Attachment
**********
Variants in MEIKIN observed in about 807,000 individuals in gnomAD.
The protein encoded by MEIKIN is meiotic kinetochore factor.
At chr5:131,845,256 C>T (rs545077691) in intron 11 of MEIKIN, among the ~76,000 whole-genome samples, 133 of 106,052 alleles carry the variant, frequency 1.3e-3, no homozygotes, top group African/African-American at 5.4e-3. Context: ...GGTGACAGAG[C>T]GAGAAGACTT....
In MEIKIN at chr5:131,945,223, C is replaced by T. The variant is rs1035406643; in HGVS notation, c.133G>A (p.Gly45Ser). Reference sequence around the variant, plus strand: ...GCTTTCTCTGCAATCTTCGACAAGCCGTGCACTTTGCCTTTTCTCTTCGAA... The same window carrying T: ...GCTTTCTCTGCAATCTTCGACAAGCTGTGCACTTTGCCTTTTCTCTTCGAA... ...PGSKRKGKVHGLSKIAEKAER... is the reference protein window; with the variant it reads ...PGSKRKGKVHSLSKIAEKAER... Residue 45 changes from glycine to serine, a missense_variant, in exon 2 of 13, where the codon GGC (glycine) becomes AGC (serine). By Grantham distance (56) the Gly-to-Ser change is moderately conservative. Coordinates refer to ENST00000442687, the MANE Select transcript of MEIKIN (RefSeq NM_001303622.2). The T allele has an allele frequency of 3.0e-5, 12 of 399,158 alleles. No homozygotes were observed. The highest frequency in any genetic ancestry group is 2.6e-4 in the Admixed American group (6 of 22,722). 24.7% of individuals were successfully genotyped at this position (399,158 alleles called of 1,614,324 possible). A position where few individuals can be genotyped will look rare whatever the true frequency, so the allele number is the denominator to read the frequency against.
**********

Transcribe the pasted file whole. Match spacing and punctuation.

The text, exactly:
Variants in MEIKIN observed in about 807,000 individuals in gnomAD.
The protein encoded by MEIKIN is meiotic kinetochore factor.
At chr5:131,845,256 C>T (rs545077691) in intron 11 of MEIKIN, among the ~76,000 whole-genome samples, 133 of 106,052 alleles carry the variant, frequency 1.3e-3, no homozygotes, top group African/African-American at 5.4e-3. Context: ...GGTGACAGAG[C>T]GAGAAGACTT....
In MEIKIN at chr5:131,945,223, C is replaced by T. The variant is rs1035406643; in HGVS notation, c.133G>A (p.Gly45Ser). Reference sequence around the variant, plus strand: ...GCTTTCTCTGCAATCTTCGACAAGCCGTGCACTTTGCCTTTTCTCTTCGAA... The same window carrying T: ...GCTTTCTCTGCAATCTTCGACAAGCTGTGCACTTTGCCTTTTCTCTTCGAA... ...PGSKRKGKVHGLSKIAEKAER... is the reference protein window; with the variant it reads ...PGSKRKGKVHSLSKIAEKAER... Residue 45 changes from glycine to serine, a missense_variant, in exon 2 of 13, where the codon GGC (glycine) becomes AGC (serine). By Grantham distance (56) the Gly-to-Ser change is moderately conservative. Coordinates refer to ENST00000442687, the MANE Select transcript of MEIKIN (RefSeq NM_001303622.2). The T allele has an allele frequency of 3.0e-5, 12 of 399,158 alleles. No homozygotes were observed. The highest frequency in any genetic ancestry group is 2.6e-4 in the Admixed American group (6 of 22,722). 24.7% of individuals were successfully genotyped at this position (399,158 alleles called of 1,614,324 possible). A position where few individuals can be genotyped will look rare whatever the true frequency, so the allele number is the denominator to read the frequency against.